Our first impressions of the new stilts were positive, the most noticeable differences from our other stilts (Poweriser Advanced) were the weight and much more elegant design. Putting on the stilts for the first time, we were very happy with the quick-adjust cuff mechanism, however the plastic bindings were definitely a downside. Walking on them for the first time felt much more comfortable than our other stilts, not only because of the weight but also the streamlined design. The feeling that we might hit the foot-plates together was much less since a lot of the excess materials have been removed, including the stability rods on the side of the feet. We didn't experience any difficulty with the heel sliding out of place, although when our friends tried them on, some expressed difficulty at the lack of lateral support on the heel.
When we were able to test the stilts side-by-side with the Poweriser Advanced model, a number of things became shockingly clear. The difference in weight is extremely substantial. After wearing the CZ series, jumping on the Powerisers made it feel like there were weights attached to our feet. In addition to the weight the streamlined design made it much more comfortable, and the easily adjustable cuff made it simple for each user to customize them quickly for optimal comfort.
Heights: Perhaps the least obvious but most important difference between the two models was the height of the footplate. It seems as though the two-inch increase in standing height also gave the spring extra room to move, which allows for increased response from a softer spring. Though we are able to easily push our Poweriser 90-120 springs to their limit, the Powerstrider 70 springs seemed to have endless room to gain height. The soft PowerStrider 70 springs felt much softer while running and bouncing low, which made jogging and hopping comfortable and less stressful on our bodies. When jumping high, we originally thought we would bottom-out the soft springs immediately, but were pleasantly surprised when we discovered how difficult it was. It requires much more power to bottom-out the Powerstrider springs, and we seemed to also increase our maximum height by at least six-inches. We look forward to further testing to prove that we are actually jumping higher than we ever have before, but initial tests have been difficult due to winter weather conditions.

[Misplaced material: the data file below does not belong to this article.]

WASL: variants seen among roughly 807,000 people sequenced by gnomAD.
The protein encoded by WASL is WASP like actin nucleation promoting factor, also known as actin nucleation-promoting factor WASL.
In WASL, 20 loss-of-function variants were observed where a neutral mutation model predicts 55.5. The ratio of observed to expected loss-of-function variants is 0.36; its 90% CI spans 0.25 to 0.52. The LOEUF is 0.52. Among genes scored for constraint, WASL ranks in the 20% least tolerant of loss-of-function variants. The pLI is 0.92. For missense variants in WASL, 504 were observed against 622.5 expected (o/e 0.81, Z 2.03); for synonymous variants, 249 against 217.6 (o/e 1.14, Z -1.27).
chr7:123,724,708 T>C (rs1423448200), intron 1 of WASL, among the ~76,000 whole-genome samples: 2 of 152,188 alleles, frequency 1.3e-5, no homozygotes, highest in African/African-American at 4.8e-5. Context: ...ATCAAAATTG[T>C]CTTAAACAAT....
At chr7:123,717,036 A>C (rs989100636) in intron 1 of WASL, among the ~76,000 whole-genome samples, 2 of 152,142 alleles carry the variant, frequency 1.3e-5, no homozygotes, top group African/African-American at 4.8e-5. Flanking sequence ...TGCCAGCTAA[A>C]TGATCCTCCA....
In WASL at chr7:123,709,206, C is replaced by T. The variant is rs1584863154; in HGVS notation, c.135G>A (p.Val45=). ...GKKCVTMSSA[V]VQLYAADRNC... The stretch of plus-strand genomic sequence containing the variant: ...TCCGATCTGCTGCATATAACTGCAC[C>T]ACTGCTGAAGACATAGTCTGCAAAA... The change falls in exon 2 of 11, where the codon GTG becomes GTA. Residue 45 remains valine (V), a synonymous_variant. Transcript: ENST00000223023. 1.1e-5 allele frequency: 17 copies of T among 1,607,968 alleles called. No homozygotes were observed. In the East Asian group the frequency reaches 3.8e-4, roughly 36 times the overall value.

Our last test was indoors, which made yet another difference abundantly clear. There was almost no noise while walking or jogging on the Powerstriders, and while jumping high the noise was reduced by at least half from the other stilts. The only noise we heard was of the pad hitting the ground, which was of course louder depending on how high we went, but there was no noise from the parts shifting or rattling. This is one of the biggest selling points for us, as we use the stilts professionally, and particularly when we're doing shows indoors it can be quite distracting to have loud clanks while jumping.
The pair we are using has already experienced several hours of use in another test, so it is easier to spot possible durability issues than with a brand-new pair. We noticed of course that the hoofs will need replacing more often than the Powerisers', but since replacement hoofs will be about 1/3 of the cost and are much easier to replace, we find that this is still a better option than the Powerisers. We did notice a slight squeak in one of the stilts, not loud, and can likely be fixed by adding oil to one or both of the pivot points, but we feel it should be mentioned. Also, the top of the spring on ONE of the stilts has a very small amount of wiggle-room. This is nothing compared to the wiggle on each of the Poweriser joints, but we definitely hope this isn't the beginning of a larger issue.
Flipping and other acrobatic stunts are easier on the new models not only because of the weight difference but also the reduced bulk. The Olympics feel much smaller around the feet and legs, and seem to allow easier variation in leg positions.
The Olympic - Aluminum (CZ series) moves this sport to a new level, the increased performance and ease-of-use far exceeds anything we have seen in stilts before. The few flaws are tolerable and minute when compared to the benefits of upgrading. We highly recommend these for new stilters, and also for anyone who uses jumping stilts regularly to consider upgrading.